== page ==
Monday, November 3, 2008

The Indiana Law Blog: Ind. Courts - More on: "If you cannot afford an attorney, one will be appointed for you."

I have written elsewhere on this blog about attorney fees in family law cases. Check out the archive labeled "Attorney Fees" under the list of prior posts by topic. I have been tardy about a post from The Indiana Law Blog More on: "If you cannot afford an attorney, one will be appointed for you." that discussess the law on having an attorney appointed for contempt cases:

"Further, caselaw requires appointment of counsel in contempt situations even if the contempt proceeding is brought by a private person rather than by the state:

'we hold that where the possibility exists that an indigent defendant may be incarcerated for contempt for failure to pay child support he or she has a right to appointed counsel and to be informed of that right prior to commencement of the contempt hearing.' In re Marriage of Stariha, 509 N.E.2d 1117, at 1121 (Ind. App. 1987)"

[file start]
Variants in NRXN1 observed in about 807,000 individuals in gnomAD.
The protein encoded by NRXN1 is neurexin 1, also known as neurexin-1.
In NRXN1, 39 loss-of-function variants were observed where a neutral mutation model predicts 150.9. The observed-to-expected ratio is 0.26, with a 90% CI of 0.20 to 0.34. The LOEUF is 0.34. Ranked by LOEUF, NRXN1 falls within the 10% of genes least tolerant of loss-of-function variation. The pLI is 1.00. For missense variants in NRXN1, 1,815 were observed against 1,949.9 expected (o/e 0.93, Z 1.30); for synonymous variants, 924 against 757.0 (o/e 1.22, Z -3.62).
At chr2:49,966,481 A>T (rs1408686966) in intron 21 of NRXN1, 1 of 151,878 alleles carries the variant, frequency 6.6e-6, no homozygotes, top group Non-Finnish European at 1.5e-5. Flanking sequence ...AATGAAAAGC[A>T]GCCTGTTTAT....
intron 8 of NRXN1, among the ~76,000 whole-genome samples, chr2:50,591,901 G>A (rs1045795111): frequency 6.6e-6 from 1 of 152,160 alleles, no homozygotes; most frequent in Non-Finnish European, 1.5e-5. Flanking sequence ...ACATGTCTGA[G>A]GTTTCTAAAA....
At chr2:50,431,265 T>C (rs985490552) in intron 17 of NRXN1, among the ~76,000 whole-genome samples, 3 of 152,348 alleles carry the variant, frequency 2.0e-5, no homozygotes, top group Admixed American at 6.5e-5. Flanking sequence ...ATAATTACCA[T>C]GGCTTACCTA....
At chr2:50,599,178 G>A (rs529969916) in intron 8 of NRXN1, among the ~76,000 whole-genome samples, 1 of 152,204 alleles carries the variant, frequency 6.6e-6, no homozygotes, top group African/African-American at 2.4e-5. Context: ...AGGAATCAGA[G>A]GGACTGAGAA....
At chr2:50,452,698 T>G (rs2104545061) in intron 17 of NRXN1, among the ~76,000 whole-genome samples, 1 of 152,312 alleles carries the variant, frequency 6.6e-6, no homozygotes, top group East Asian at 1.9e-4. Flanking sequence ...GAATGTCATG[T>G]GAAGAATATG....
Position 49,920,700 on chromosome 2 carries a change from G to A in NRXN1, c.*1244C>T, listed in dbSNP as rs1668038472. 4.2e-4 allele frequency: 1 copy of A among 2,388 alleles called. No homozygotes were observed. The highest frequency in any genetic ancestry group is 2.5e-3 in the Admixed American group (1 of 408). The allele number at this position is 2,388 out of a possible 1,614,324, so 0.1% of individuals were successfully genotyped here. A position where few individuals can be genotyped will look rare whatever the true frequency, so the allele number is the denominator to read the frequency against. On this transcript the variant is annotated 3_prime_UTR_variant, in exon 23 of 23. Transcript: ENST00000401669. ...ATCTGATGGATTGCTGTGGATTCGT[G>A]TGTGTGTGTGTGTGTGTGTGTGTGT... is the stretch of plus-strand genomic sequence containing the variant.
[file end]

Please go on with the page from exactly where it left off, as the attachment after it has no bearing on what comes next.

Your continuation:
Consider this news from England, Turf wars erupt over fees for family cases:

The Bar’s response is that — yes, there should be fixed fees for all kinds of legal aid work and that is what it is pressing for in long complex trials under the present dispute over payment for those cases. But a spokesman added: “If solicitors are not happy with their own rates of pay, that is something they should take up with the Legal Services Commission. The Bar offers good value for money — if solicitors think they are being underpaid, then make representations about it.”

The somewhat unseemly scrapping over fees is the endgame of the Carter reforms to legal aid, which brought in a new fees regime. The Bar negotiated a better deal than solicitors. It is also the upshot of the squeeze on the £2 billion a year legal aid budget.

As the legal year opened last week, family barristers expressed “dismay and concern” about the decline in the number of applications for child protection orders by local authorities — as well as the Ministry of Justice proposals to cut £12 million from the budget for family cases.

What would Hoosiers think to a more formal system like that used in England for indigent family law clients? Consider that the worsening economy will mean that some - maybe a lot of people - will not be able to afford an attorney while child uspport goes unpaid, visitation orders go unenforced and so on.

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